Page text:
Phil Uses New Steel For Hot Slag Truck Bodies

By Chad Elmore26 May 2020

Philippi-Hagenbuch Inc. (Phil) has selected new SSAB Hardox HiTemp steel in its customized hot slag truck bodies — part of the Peoria, Ill., company’s lineup of specialty HiVol truck bodies. The new steel is specially designed to withstand extreme temperature environments. The company said it reduces necessary plate thickness while maintaining the product’s service life for increased productivity in processing applications.

“As a true custom manufacturer, every Phil product is designed to excel in a specific application,” said Josh Swank, vice president of sales and marketing for Phil. “In the past, steel mill clients requested a unique HiVol truck body to haul hot slag. Our engineers responded with the hot slag body. Now, with the new HiTemp steel from SSAB, we can provide the same strength and durability with less steel, maximizing payload potential and providing our clients with a better product.”

The new body is comprised of two components — an exoskeleton superstructure, which does not come in contact with molten material, and load containing pieces that do. These pieces form an overlapping structure that is loosely strapped around the body of the exoskeleton to contain the hot slag during operation. The design allows for differential expansion and contraction, where a traditional body would buckle under such extreme heat, said the company. When transporting molten material, the pieces expand and contract without breaking welds, binding up or warping. When a piece is damaged or worn out, it can simply be replaced without any structural welding requirements.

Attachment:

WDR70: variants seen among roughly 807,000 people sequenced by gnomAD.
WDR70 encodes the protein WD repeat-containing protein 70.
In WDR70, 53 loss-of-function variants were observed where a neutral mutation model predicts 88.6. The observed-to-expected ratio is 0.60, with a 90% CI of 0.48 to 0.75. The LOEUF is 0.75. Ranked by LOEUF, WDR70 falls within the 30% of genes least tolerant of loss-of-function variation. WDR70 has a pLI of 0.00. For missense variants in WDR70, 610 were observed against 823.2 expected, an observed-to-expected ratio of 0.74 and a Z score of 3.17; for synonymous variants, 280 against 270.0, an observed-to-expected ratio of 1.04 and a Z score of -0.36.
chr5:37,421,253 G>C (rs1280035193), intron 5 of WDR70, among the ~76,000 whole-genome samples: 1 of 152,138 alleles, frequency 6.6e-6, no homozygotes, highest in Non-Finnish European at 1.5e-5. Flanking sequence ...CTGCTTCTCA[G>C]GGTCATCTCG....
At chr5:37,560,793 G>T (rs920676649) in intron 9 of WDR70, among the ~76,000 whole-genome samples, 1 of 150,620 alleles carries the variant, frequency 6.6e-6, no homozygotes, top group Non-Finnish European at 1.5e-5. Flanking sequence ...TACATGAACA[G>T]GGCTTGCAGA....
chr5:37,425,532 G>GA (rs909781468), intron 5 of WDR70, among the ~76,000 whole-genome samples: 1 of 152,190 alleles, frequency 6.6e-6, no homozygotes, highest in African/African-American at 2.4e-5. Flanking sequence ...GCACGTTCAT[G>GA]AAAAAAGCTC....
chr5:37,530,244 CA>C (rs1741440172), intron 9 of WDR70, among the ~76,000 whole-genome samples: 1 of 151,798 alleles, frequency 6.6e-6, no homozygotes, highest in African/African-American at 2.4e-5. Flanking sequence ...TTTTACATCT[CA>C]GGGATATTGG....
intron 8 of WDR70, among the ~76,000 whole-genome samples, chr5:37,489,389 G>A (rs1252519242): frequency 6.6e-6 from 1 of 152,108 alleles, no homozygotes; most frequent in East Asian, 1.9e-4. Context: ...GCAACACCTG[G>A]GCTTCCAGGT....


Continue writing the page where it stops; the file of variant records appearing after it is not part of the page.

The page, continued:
The new HiTemp material improves the wear-resistant properties of a 450 Brinell steel, currently used in the hot slag body, while providing the same impact, welding and machining properties as the Hardox 450 material preferred by Phil for heavy-duty applications. It is capable of transporting materials in excess of 1200 degrees F (648.9 degrees C).

This allows Phil to use a thinner plate without jeopardizing the product’s service life, providing more payload when fully loaded. Additionally, the thinner plate lowers the overall weight of the truck when traveling empty.

Phil has used Hardox material in its range of products — including truck bodies, water tanks and trailers — since 1983. As technology has advanced in SSAB’s steel-making process, the company said it was able to employ harder versions of the Hardox material — starting with Hardox 400 and moving to Hardox 450 in 2000, standardizing on one specific grade along the way.

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